- About Us
- Local Savings
- Green Editions
- Legal Notices
- Weekly Ads
Connect with Us
Editor's Corner: Odds and ends for the editor's desk
Every time I leave Sequim, I come to appreciate it more and more.
Case in point: Last weekend I spent about 17 hours driving — mostly to and from Spokane — to pick up my youngest stepdaughter and boyfriend at the airport and then attend my oldest stepdaughter’s graduation from Eastern Washington University (Go Eags!).
To get there, I waded through mind-numbingly slow traffic that would make molasses jealous near Seattle, stop in the town of Ellensburg that didn’t seem to have an available bathroom past 10 p.m. and finally get to beautiful Cheney, Wash., where it rarely rains in the late spring — and had it rain the whole time at Saturday’s morning commencement.
So I read with tongue planted firmly between teeth the online comments that indicate there’s little to do in this town. Instigated by a story of the closing of Sequim’s bowling alley, some folks believe there aren’t things to do, to which I and others would scoff. Surely people realize there’s a national park just to our south and a major body of water to the north, a cross-peninsula trail accessible just about anywhere you can call Sequim, shops and gyms and whatnot, right?
And then I realize I’m not 12 anymore. Or 18. Or 25.
I have to realize that many Sequim residents don’t have flexible schedules or an affinity for the outdoors or the budgets to do some of those outdoor activities and that amenities like a bowling alley are the kind of thing that help provide a lifeblood to a community. To some, bowling alleys and movie theaters and malls are obnoxious reminders of why they escaped to the Olympic Peninsula. For others, they are a Friday night of entertainment.
Well, there’s always the grocery store parking lots …
Filling her shoes
Sarah Bedinger leaves a hole on the Sequim School Board. After more than a decade of public service, she’s stepping down from the board of directors and her experience will be sorely missed.
What lies ahead for the board is an unenviable task of coming back to Sequim voters with a capital construction bond that has the potential to change the face of not just the school district but Sequim as a whole. Voters rejected a $154 million proposal in April and the board has eyes on a February 2015 vote, but directors will appoint another board member before then. That board member will have a lot on his or her shoulders, considering not just the bond issue and the district’s annual $26 million-plus budget but helping Sequim schools navigate significant changes to schools as we know it, from testing and curriculum to graduation requirements. Here’s to hoping some of Sequim’s sharper minds will offer their services to help our schools succeed.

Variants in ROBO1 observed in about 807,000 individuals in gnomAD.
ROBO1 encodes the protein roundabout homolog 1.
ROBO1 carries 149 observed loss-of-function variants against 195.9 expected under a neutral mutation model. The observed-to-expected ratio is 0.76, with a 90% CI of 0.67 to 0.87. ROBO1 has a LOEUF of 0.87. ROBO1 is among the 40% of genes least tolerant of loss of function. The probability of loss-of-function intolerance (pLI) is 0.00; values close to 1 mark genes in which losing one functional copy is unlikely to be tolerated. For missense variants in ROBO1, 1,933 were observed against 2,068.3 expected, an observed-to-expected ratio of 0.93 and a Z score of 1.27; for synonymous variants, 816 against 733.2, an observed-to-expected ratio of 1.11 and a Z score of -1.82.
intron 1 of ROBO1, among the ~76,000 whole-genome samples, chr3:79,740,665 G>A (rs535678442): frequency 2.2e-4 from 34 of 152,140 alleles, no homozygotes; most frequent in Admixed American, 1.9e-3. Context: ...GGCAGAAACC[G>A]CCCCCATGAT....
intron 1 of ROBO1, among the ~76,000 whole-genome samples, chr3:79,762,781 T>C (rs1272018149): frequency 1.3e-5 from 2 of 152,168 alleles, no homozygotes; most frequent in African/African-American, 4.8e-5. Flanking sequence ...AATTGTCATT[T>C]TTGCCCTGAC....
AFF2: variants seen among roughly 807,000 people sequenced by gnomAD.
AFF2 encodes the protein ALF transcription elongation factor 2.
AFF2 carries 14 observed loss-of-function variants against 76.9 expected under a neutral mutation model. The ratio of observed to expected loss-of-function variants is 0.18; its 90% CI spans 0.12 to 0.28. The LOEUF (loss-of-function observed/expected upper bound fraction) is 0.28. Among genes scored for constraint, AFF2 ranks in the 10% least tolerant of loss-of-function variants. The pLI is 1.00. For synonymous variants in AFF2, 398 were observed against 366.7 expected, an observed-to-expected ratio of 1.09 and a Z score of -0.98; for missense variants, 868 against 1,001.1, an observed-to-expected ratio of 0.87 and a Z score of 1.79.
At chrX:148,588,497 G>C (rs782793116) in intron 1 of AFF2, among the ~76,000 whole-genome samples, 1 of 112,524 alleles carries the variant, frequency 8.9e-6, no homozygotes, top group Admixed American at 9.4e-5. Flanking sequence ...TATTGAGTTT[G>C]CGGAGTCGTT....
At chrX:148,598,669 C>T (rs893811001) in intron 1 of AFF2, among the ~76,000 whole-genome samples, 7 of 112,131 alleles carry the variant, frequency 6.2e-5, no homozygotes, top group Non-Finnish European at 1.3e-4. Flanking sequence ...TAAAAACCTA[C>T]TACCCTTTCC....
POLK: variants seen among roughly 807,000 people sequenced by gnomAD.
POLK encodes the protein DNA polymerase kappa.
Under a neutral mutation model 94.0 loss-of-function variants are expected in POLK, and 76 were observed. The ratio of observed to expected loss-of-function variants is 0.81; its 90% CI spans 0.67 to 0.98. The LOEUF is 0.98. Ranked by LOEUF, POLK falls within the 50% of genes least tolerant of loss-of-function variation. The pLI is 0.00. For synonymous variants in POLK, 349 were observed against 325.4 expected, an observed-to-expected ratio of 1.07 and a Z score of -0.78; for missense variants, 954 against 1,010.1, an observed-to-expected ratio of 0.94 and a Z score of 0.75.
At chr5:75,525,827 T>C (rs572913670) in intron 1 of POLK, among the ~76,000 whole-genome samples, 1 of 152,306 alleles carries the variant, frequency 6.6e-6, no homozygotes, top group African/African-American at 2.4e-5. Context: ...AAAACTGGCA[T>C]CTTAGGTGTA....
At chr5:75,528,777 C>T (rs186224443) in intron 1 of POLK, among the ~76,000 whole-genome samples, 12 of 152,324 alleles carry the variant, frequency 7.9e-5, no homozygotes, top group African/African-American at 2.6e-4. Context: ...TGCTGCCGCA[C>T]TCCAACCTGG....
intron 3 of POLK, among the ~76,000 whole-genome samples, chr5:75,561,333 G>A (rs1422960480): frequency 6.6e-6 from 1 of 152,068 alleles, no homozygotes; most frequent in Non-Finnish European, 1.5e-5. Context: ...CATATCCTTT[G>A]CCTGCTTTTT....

Quote of the week
“Do they get a PE credit, too?”
Sequim School board president John Bridge, weighing (literally) adoption of 10-pound-plus textbooks for advanced placement classes Monday night.
Issues with website
Some users of the Sequim Gazette website have noticed a kind of glitch with our archives. When trying to retrieve a story from said archives, users are finding that copious amounts of stories have the same dates: March 20 or March 21, 2014. When we moved our archives — several years worth, actually — to our new website format, the original dates disappeared. So a story written in February of 2009 looks as if it was uploaded in March of this year.
The glitch has caused some headaches, understandably, and as of this writing there is no easy fix. Techies tell me there’s no easy fix to those archived stories and updating their dates would, to coin a phrase from one of our company’s IT gurus, “a pretty nasty set of events.”
I’ll continue to look for a way to fix our archives. In the meantime, keep this in mind as you research Sequim stories and let us know if we can help track down any previously published stories.
Going to pot
In today’s issue we look at some of the environmental impacts of the legalization of marijuana and will look at the potential economic impacts of the formerly illegal drug in future editions.
While conversation surrounding marijuana in recent months and weeks has varied, what I hear most from local residents is a kind of startling realization that 1) pot is actually, seriously, undeniably legal, 2) users are moving in next door! and 3) the world is ending.
I generally respond to these items with 1) yes, but only sort of legal, 2) yeah, they might be, and 3) yes, but not because of marijuana.
Despite all the rules and regulations regarding marijuana production, it seems as if few people along the line — state, city and county officials, law enforcement, proponents and opponents, growers themselves — will know how all of this plays out. Will pot be like tobacco, eventually available over the counter at any grocery store? Or will the stigma stay with marijuana, with lawmakers attempting to ban it once more? For that … I don’t have an answer.
So long, Tony
It may seem odd to put this note here, but I can’t help but note the passing of Tony Gwynn, one of my favorite baseball players. I spent part of my childhood in San Diego and fell head-over-heels with Gwynn’s style of play, his humor and attitude, hard work and discipline.
For those not familiar, Gwynn was a Hall of Fame outfielder who spent all 20 years of his career with the San Diego Padres.
Gwynn died Monday morning of oral cancer, a disease he attributed to years of chewing tobacco. It was the one flaw I overlooked in a historically amazing career. Minus the chew, he seems to me a perfect role model.
Sure, there are plenty of folks who more fully epitomized sportsmanship and integrity — I just can’t think of any right now.
Reach editor Michael Dashiell at email@example.com.